Personality Disorders: Cluster C


Hello. My name is Shabani. And I’m going to talk to you today about personality disorders, specifically Cluster C. Some of the learning objectives for this presentation include to understand the difference between a personality trait and a personality disorder, to learn to recognize personality disorders, to learn the characteristics and personality disorders in Cluster C, and to understand the general treatment options for Cluster C personality disorders. The following is an outline of today’s presentation. Cluster C disorders include the following types, avoidant, dependent, and obsessive-compulsive. Individuals in this group often appear anxious or fearful. This is a categorical approach, however. So an individual diagnosed with a personality disorder may have an additional personality disorder from a different cluster. Now, I will discuss each type in more detail. Patients with dependent personality disorder often have an excessive need to be taken care of that leads to submissive and clinging behavior. They have difficulty making everyday decisions without an excessive amount of advice and reassurance from others. They need others, typically, to assume responsibility for most major areas of their life. They often have difficulty expressing disagreement with others because of fear of loss of support or approval. They have difficulty initiating projects or doing things on their own because of a lack of self-confidence in judgment or abilities, rather than a lack of motivation or energy. It goes to excessive lengths to obtain nurturance and support from others, to the point of volunteering to do things that are unpleasant. They feel uncomfortable or hopeless when alone because of exaggerated fears of being unable to care for himself or herself. They urgently seek other relationships as a source of care and support when a close relationship ends. They are unrealistically preoccupied with fears of being left to take care of themselves alone. An individual with avoidant personality disorder avoids occupational activities that involve significant interpersonal contact because of fears of criticism, of disapproval, or rejection. They feel inadequate and they’re hypersensitivity to negative evaluation. They’re unwilling to get involved with people unless they’re certain of being liked. They show restraint with intimate relationships because of the fear of being shamed or ridiculed. And they’re constantly preoccupied with being criticized or rejected in social situations. They’re inhibited by new interpersonal situations because of their feelings of inadequacy. They view themselves as socially inept, personally unappealing or inferior to others, is unusually reluctant to take personal risks or to engage in any new activities because they may prove embarrassing. An obsessive-compulsive person has a pervasive pattern of preoccupation with perfectionism, with mental and interpersonal control, and orderliness at the expense of flexibility, openness, and efficiency. They’re preoccupied with details, with rules, with lists, with order and organization, and schedules to the extent that the major point of the activities is actually lost. They show perfectionism that interferes with task completion. They’re excessively devoted to work and productivity to the exclusion of leisure activities and friendships. They’re overconscientious, scrupulous, and inflexible about matters of morality, ethics, or values that are not accounted for by a cultural reason or a religious identification. They’re typically unable to discard worn out or worthless objects, even when they have really no sentimental value. And they are reluctant to delegate tasks or to work with others unless they submit to exactly his or her way of doing a particular thing. They adopt a miserly spending style towards both their self and others and money is typically viewed as something to be hoarded for future catastrophes, showing rigidity and oftentimes they can show stubbornness as well. There is no specific medications approved by the US FDA for the treatment of personality disorders. However, patients who present with personality difficulties not infrequently have other psychiatric disorders, such as depression or substance abuse, that should be addressed with appropriate pharmacological treatment. Studies suggest that it’s useful to target specific behavioral difficulties through psychodynamic therapy. Selective serotonin re-uptake inhibitors are often thought of as first-line medical therapy for personality disorders. Mood stabilizers may help stabilize mood and reduce irritability or aggression. In summary, a personality disorder arises when an individual’s personality traits are so inflexible and maladaptive across a wide range of situations that they cause significant impairment and distress. Personality disorders are defined by specific DSM-IV criteria. And specific types of personality disorders are grouped into three clusters and defined separately. Cluster C personally disorders are grouped into the anxious and fearful group. Treatment can include psychotherapy and/or psychopharmacotherapy. Patients with personality disorders may benefit from an early referral to a mental health professional. Patients with personality disorders are at increased risk for adverse outcomes related to physical trauma, suicide, substance abuse, and concurrent psychiatric disorders. Additionally, patients often have difficulty understanding their condition and establishing rapport with their clinician. The following are some key references from this presentation. Thank you.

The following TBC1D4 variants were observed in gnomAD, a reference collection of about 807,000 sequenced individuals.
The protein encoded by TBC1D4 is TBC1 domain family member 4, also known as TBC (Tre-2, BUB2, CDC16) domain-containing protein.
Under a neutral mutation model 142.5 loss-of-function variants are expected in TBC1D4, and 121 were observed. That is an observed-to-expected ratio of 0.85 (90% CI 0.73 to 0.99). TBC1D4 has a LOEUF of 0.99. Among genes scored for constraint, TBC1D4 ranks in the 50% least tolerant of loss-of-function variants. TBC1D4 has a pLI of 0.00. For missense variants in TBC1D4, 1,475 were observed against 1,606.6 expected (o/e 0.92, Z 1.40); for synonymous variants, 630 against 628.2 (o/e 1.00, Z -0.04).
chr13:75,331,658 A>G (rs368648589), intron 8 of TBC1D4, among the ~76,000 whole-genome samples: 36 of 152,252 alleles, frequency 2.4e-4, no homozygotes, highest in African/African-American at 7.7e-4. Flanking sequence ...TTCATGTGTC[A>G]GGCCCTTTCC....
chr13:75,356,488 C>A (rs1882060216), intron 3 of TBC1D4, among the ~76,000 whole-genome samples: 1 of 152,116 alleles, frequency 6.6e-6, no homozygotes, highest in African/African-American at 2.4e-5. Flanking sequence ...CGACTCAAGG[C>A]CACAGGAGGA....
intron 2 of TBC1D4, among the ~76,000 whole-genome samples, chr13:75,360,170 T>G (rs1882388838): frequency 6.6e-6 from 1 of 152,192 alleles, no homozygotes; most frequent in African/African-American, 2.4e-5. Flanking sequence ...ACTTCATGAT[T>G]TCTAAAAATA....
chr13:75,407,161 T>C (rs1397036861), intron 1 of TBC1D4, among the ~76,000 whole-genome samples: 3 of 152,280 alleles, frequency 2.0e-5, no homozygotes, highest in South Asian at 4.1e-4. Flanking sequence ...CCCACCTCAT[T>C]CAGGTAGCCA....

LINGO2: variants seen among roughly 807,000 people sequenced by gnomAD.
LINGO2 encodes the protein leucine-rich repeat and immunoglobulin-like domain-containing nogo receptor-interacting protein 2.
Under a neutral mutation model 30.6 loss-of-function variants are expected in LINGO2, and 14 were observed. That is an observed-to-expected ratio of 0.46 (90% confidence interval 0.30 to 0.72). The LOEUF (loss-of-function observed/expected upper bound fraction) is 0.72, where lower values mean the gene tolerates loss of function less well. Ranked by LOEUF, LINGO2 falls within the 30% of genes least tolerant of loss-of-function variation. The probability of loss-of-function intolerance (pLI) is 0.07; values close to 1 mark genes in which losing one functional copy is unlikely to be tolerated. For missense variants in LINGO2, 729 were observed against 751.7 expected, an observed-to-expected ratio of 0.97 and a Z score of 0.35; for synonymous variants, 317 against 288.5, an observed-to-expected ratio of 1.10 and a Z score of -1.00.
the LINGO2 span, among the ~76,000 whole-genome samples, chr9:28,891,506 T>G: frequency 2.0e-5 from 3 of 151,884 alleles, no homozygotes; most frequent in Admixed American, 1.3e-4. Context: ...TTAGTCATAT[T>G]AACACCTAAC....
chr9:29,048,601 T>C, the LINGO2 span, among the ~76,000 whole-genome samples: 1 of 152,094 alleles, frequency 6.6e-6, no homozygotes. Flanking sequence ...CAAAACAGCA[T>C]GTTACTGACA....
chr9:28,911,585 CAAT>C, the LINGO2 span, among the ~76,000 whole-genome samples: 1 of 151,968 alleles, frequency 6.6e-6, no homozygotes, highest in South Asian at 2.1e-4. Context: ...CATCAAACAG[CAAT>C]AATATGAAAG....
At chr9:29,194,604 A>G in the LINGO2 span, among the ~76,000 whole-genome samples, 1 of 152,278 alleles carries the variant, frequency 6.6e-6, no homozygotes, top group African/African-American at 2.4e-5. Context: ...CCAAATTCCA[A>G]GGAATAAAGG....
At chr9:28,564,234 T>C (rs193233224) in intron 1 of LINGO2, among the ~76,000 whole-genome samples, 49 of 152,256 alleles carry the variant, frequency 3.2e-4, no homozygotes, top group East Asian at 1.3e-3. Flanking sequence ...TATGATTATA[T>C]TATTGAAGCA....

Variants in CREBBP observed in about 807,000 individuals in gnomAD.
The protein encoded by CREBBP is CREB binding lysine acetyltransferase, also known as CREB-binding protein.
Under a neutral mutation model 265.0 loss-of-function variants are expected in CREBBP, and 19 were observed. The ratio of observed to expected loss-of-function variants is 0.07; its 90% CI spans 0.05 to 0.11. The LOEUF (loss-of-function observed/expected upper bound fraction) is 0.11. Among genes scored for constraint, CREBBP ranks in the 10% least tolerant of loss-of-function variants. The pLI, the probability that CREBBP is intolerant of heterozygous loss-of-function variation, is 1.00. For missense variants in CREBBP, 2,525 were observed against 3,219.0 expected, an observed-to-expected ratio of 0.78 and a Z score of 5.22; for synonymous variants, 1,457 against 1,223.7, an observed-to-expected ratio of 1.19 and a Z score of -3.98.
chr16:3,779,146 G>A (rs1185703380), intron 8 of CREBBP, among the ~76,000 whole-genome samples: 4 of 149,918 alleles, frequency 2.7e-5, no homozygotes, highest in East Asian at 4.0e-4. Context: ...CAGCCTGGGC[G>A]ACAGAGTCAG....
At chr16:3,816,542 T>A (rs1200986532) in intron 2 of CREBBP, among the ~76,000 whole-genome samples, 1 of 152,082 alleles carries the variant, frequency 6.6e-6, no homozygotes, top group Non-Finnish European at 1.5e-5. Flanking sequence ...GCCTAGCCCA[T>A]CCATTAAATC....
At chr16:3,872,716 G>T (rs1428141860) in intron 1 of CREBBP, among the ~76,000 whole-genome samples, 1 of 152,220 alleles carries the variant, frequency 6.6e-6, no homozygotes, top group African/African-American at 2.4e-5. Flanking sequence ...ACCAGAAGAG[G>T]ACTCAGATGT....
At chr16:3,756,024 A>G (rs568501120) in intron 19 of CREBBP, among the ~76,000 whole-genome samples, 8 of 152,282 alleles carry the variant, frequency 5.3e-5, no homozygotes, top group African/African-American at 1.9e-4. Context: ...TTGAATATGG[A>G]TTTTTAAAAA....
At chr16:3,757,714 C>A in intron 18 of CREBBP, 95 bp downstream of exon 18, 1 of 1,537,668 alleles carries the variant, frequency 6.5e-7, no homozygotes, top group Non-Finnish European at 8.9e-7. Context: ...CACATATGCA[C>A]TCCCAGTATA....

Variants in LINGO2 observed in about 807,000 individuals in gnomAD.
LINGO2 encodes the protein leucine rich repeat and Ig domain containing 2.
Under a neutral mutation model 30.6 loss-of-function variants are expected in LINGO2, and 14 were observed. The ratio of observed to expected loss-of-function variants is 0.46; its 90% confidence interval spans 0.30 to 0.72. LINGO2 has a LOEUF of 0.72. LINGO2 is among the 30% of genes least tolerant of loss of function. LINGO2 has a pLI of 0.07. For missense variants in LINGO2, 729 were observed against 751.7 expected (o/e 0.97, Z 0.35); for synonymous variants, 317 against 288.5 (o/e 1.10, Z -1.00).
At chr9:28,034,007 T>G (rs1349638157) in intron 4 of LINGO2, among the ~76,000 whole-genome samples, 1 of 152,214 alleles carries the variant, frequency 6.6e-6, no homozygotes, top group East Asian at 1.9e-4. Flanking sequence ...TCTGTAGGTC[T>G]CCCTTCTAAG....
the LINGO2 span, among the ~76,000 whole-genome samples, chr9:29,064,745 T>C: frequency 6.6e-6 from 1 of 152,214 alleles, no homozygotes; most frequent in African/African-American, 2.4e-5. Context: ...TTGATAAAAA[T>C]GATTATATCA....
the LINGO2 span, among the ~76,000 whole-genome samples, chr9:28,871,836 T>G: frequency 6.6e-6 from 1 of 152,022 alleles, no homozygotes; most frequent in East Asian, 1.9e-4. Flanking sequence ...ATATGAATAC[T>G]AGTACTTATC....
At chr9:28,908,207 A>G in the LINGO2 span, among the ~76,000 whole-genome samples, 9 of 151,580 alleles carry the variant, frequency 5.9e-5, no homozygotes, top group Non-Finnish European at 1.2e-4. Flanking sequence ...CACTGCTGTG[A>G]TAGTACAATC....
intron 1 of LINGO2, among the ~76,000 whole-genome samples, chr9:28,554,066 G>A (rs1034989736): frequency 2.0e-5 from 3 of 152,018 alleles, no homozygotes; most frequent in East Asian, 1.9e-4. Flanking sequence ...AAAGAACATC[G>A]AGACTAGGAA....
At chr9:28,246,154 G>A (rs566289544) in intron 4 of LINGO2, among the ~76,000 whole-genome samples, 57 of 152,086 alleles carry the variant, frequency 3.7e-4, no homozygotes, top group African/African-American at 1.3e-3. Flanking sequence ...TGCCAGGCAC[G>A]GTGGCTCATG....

4 thoughts on “Personality Disorders: Cluster C

  1. This is describing me perfectly. How do i bring this up with my counselor and new psychiatrist. I wasn't diagnosed with personality disorder but this is me 100% and i dont want it to be

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